But Chad, that is precisely what most doctors do. You visit a doctor, they examine you and maybe run some test if something seems wrong. Then they give you some "advice" about how to live healthier and how to fix whatever ails you. They recommend you do some exercise, give you a prescription for medication, tell you to sit better on your chair... whatever it might be. What they do not do is show up at your house each day to remind you to exercise or take your pill at the appropriate time. They do not make your dinner to ensure you are eating healthier. They have given their advice, it is your responsibility to choose to follow that advice or not.

There is nothing (and I don't want to split hairs here,) NOTHING a comprehensive generalist financial planner does that is akin to surgery. We do not offer anything that an individual cannot do well on their own after being equipped with only good advice and education. Look at the investment landscape... discount brokers offer access to just about any investment product desired directly to individuals. If we give the advice, people can follow our advice to a T on their own. If we give them the tools and education, the can become self sufficient in the transactional part of investment management. And they can do that without the risk of being taken by an unscrupulous or misguided advisor.

Investment management on a transactional level offers convenience and only convenience. Financial planners can make the exact same recommendations and allow clients to do it on their own, but at a much lower cost and with much lower risk to the client.

Unfortunately the current regulatory environment does not allow for people to practice in this manner easily. Financial planners have to register as investment advisors simply by discussing investment theory and providing education while under a paid engagement regardless of whether they have custody of client assets or receive compensation for the sale of securities. The regulatory burden this places on them is so great that they are almost forced to take on the investment management work to justify very high fees.

Ideally, I would like to see financial planners able to register in front of some board as "financial planners" not as individuals selling securities. No different than an CPA offering some investment advice and education incidental to their primary function, financial planners could discuss investment markets and provide advice incidental to the full financial planning engagement. If a planner has no custody, no access to client account information and does not sell securities, why should they be treated the same as an investment advisor who does? Unfortunately, our government on a bipartisan basis does not have the chutzpah to take on real financial reform. Instead they feed us this reform package that does little to help individuals. But I do look to the reform occurring in other countries as promising...reform which has included the elimination of commissions in a couple countries. Maybe will get some real reform and lasting change in individual financial behavior after the next financial meltdown.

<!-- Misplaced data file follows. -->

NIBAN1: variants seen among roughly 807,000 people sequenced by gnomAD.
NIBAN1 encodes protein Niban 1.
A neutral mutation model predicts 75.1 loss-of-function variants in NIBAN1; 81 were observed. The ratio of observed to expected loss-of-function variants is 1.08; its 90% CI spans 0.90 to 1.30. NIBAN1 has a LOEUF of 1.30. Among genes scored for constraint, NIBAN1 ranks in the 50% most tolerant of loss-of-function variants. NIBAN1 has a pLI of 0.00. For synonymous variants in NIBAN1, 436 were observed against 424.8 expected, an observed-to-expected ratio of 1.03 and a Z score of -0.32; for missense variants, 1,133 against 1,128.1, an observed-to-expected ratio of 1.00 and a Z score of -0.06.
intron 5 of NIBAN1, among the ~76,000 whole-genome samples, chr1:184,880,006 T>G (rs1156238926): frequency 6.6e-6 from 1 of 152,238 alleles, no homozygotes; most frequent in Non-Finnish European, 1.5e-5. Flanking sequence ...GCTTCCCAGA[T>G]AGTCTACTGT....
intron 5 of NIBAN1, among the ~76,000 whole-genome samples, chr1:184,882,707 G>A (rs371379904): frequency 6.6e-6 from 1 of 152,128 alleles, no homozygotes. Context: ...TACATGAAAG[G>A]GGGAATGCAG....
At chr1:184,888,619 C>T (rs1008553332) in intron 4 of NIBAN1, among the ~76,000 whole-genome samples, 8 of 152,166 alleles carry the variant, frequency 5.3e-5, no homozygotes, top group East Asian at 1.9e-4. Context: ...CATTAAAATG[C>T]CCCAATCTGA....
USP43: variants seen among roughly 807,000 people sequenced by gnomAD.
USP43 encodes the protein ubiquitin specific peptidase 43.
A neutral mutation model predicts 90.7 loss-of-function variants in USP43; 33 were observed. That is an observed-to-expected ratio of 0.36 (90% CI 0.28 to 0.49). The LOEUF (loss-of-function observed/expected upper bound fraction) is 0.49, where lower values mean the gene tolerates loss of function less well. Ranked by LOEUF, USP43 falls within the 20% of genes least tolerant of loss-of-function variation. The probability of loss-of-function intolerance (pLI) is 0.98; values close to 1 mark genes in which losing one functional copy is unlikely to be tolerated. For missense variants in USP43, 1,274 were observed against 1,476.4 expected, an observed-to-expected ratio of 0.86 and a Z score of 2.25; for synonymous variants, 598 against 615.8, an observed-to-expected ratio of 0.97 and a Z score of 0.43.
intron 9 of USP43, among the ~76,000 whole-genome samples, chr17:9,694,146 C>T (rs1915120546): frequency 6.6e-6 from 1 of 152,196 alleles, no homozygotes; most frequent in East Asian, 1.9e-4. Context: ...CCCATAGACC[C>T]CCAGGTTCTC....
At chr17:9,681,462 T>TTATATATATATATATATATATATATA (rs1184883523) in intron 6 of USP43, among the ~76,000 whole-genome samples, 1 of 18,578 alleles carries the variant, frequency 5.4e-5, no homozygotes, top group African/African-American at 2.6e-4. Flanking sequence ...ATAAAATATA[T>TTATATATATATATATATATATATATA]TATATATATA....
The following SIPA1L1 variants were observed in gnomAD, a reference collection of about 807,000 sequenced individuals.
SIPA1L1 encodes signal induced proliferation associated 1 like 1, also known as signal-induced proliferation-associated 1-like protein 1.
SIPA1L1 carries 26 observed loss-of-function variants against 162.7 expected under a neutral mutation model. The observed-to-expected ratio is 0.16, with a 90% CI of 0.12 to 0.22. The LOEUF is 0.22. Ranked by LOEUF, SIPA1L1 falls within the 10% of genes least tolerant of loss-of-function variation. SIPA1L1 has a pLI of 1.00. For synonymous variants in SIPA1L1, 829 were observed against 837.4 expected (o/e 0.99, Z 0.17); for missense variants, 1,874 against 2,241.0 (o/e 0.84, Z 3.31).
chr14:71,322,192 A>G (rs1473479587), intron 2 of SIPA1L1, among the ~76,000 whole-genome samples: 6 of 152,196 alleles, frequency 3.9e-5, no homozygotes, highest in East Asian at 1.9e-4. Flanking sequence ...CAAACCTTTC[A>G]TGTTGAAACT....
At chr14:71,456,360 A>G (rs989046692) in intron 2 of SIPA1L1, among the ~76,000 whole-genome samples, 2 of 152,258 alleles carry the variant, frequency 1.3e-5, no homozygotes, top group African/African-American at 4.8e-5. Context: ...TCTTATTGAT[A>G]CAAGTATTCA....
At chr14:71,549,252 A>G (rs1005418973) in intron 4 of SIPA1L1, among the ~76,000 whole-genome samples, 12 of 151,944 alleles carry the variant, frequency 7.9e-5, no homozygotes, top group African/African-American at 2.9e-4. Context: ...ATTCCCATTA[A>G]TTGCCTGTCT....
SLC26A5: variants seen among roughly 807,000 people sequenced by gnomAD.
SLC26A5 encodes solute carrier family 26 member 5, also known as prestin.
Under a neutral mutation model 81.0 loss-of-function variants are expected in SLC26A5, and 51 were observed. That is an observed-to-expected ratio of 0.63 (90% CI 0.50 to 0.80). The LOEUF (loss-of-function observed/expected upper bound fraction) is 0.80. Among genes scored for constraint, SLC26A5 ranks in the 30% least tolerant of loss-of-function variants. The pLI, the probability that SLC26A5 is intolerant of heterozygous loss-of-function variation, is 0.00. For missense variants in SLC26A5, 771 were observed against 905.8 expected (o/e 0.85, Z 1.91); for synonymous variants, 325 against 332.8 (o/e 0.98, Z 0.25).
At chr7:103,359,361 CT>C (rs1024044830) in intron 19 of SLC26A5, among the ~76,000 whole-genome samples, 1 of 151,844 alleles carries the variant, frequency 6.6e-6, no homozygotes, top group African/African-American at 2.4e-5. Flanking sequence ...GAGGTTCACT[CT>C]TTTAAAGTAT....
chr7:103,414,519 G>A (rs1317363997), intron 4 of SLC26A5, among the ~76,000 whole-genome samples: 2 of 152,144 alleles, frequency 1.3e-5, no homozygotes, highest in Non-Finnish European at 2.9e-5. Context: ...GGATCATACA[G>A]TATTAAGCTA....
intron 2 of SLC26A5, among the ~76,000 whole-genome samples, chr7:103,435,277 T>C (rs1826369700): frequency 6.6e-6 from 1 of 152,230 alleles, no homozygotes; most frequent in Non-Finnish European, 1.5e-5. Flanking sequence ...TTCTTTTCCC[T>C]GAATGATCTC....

And, Chad, I do truly appreciate your participation and comments on my blogs even if I am only tilting at windmills. I think the debate is worthwhile.

Chad said...

With the exception of the first paragraph, I couldn't agree more.

Unfortunately, most people need a doctor to "babysit" them (and sadly, I'm in this majority). I can be told all I want but unless someone "sits on me" to monitor my progress and make sure I'm doing what I'm told, there's too many other more pleasing distractions. So goes investment management. People retain financial advisors because they see handling their finances as "confusing", "distasteful" etc and are willing to pay others to handle something that yes, they might well with some education be able to do on their own.

Take spark plugs, for example. I, with some measure of education, could change my own spark plugs. Heck, I've even got the tools in a toolbox to be able to do that. But, I don't change my sparkplugs. I pay someone else to do it. Why? Because my car requires 16 (yes, sixteen) plugs and it also requires half of the top of the motor to be taken off to get it. I DO have all the tools to do it, sadly I don't have the confidence (nor the desire) to do it myself.

So, we come back to the big question. If we are going to "babysit" and make sure people follow through, how do we get paid for that time? I can't do it for free...and people are loathe to write hard dollar checks unless they have to.

In the interest of full disclosure to those reading, I'm a CFP(R) practitioner and partner in a fee-based financial planning (and yes, Investment Advisory) practice.